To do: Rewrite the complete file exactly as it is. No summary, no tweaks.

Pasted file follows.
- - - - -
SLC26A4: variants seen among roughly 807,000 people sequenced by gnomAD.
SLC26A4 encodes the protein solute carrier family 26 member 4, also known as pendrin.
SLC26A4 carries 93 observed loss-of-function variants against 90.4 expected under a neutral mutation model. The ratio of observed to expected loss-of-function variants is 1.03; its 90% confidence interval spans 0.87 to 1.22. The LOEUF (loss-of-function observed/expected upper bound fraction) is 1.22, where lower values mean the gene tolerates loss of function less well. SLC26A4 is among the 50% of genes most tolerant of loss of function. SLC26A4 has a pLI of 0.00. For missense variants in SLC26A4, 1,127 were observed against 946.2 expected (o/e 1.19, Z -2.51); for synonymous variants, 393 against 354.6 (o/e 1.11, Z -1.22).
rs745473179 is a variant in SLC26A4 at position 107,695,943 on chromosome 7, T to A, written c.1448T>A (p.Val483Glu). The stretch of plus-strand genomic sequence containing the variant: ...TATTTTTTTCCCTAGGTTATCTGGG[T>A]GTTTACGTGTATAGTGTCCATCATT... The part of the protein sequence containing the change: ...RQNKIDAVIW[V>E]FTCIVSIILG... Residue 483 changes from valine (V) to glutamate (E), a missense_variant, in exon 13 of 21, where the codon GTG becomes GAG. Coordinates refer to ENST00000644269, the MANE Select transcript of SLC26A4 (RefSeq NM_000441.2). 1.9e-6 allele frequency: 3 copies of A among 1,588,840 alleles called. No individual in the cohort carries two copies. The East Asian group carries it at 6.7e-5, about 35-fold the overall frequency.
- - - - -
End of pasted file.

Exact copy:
SLC26A4: variants seen among roughly 807,000 people sequenced by gnomAD.
SLC26A4 encodes the protein solute carrier family 26 member 4, also known as pendrin.
SLC26A4 carries 93 observed loss-of-function variants against 90.4 expected under a neutral mutation model. The ratio of observed to expected loss-of-function variants is 1.03; its 90% confidence interval spans 0.87 to 1.22. The LOEUF (loss-of-function observed/expected upper bound fraction) is 1.22, where lower values mean the gene tolerates loss of function less well. SLC26A4 is among the 50% of genes most tolerant of loss of function. SLC26A4 has a pLI of 0.00. For missense variants in SLC26A4, 1,127 were observed against 946.2 expected (o/e 1.19, Z -2.51); for synonymous variants, 393 against 354.6 (o/e 1.11, Z -1.22).
rs745473179 is a variant in SLC26A4 at position 107,695,943 on chromosome 7, T to A, written c.1448T>A (p.Val483Glu). The stretch of plus-strand genomic sequence containing the variant: ...TATTTTTTTCCCTAGGTTATCTGGG[T>A]GTTTACGTGTATAGTGTCCATCATT... The part of the protein sequence containing the change: ...RQNKIDAVIW[V>E]FTCIVSIILG... Residue 483 changes from valine (V) to glutamate (E), a missense_variant, in exon 13 of 21, where the codon GTG becomes GAG. Coordinates refer to ENST00000644269, the MANE Select transcript of SLC26A4 (RefSeq NM_000441.2). 1.9e-6 allele frequency: 3 copies of A among 1,588,840 alleles called. No individual in the cohort carries two copies. The East Asian group carries it at 6.7e-5, about 35-fold the overall frequency.